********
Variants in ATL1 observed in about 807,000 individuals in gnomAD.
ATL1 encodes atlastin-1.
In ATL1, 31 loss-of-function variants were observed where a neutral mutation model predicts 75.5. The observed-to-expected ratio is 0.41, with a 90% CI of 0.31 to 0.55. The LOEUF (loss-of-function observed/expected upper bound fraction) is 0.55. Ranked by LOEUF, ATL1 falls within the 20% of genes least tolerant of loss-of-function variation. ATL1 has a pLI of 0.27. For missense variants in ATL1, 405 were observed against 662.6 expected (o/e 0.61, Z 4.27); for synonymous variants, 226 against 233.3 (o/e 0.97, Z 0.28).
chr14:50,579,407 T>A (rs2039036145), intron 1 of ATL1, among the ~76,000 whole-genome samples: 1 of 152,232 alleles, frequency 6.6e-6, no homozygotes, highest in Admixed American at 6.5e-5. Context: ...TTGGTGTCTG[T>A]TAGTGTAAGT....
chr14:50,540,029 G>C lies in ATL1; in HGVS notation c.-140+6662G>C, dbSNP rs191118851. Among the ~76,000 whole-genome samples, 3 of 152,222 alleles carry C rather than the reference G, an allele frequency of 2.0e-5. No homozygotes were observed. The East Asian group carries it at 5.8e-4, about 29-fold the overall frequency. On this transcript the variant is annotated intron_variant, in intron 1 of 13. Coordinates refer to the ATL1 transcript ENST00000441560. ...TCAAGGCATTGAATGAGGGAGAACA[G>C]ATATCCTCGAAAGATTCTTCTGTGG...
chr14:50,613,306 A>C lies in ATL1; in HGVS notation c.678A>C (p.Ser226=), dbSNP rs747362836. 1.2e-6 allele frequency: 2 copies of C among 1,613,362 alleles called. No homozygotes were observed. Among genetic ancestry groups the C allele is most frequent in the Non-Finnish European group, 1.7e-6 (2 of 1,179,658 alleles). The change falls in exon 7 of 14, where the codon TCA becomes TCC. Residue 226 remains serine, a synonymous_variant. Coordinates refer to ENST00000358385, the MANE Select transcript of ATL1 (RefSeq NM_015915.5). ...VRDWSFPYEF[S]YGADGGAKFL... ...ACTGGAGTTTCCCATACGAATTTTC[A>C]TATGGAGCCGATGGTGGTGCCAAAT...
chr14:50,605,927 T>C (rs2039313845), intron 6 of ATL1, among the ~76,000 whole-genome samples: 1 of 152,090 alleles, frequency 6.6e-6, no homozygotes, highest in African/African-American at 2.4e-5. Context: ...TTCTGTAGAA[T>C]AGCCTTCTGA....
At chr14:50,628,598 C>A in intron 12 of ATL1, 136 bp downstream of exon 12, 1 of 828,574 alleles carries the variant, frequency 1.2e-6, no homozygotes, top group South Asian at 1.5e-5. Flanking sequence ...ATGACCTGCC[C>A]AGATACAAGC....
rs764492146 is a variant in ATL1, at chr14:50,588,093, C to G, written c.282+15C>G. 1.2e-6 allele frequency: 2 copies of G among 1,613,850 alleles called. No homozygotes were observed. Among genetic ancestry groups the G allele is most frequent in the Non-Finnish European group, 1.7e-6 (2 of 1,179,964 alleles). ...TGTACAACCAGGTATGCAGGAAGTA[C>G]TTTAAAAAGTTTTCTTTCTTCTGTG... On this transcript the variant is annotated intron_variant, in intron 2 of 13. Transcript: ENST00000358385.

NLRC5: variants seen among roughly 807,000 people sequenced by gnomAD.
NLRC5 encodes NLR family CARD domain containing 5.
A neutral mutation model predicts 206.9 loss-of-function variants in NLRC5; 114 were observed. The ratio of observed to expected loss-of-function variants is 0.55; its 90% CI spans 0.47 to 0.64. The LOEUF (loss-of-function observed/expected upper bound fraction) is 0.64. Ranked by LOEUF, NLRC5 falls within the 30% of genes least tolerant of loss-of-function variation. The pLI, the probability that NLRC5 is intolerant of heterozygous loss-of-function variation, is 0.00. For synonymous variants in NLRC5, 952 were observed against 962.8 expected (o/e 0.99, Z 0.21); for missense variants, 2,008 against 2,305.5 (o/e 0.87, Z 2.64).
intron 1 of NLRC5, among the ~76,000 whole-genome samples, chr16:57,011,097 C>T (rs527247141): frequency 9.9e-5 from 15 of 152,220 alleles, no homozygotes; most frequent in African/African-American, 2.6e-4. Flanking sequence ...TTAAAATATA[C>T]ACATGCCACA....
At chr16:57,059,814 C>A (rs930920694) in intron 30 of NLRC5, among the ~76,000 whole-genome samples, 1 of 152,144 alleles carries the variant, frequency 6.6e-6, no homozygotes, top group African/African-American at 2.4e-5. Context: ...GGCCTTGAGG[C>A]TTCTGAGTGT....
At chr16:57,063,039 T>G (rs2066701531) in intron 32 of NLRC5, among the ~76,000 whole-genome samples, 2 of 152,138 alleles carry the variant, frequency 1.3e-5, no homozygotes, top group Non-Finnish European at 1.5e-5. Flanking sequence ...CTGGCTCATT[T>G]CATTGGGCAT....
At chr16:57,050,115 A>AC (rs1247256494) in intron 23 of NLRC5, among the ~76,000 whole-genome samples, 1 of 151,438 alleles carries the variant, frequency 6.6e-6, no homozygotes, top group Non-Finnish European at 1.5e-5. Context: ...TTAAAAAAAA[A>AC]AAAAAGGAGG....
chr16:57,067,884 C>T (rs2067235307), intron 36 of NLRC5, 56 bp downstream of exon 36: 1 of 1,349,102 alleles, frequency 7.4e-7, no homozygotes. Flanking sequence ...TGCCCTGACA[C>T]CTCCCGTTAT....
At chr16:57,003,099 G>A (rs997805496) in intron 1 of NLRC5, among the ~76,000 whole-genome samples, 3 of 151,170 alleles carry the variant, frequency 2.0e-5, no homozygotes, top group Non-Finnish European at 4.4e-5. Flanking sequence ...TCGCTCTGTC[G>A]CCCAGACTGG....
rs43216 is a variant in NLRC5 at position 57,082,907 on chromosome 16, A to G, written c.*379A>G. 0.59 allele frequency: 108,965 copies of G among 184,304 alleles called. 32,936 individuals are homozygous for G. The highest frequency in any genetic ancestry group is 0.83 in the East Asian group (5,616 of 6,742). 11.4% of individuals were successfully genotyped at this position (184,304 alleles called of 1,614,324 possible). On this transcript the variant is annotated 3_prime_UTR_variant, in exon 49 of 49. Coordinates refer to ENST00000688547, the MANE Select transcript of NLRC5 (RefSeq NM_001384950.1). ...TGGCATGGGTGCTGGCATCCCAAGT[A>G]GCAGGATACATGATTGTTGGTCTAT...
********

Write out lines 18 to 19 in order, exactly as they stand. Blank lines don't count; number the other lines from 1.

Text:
At chr16:57,003,099 G>A (rs997805496) in intron 1 of NLRC5, among the ~76,000 whole-genome samples, 3 of 151,170 alleles carry the variant, frequency 2.0e-5, no homozygotes, top group Non-Finnish European at 4.4e-5. Flanking sequence ...TCGCTCTGTC[G>A]CCCAGACTGG....
rs43216 is a variant in NLRC5 at position 57,082,907 on chromosome 16, A to G, written c.*379A>G. 0.59 allele frequency: 108,965 copies of G among 184,304 alleles called. 32,936 individuals are homozygous for G. The highest frequency in any genetic ancestry group is 0.83 in the East Asian group (5,616 of 6,742). 11.4% of individuals were successfully genotyped at this position (184,304 alleles called of 1,614,324 possible). On this transcript the variant is annotated 3_prime_UTR_variant, in exon 49 of 49. Coordinates refer to ENST00000688547, the MANE Select transcript of NLRC5 (RefSeq NM_001384950.1). ...TGGCATGGGTGCTGGCATCCCAAGT[A>G]GCAGGATACATGATTGTTGGTCTAT...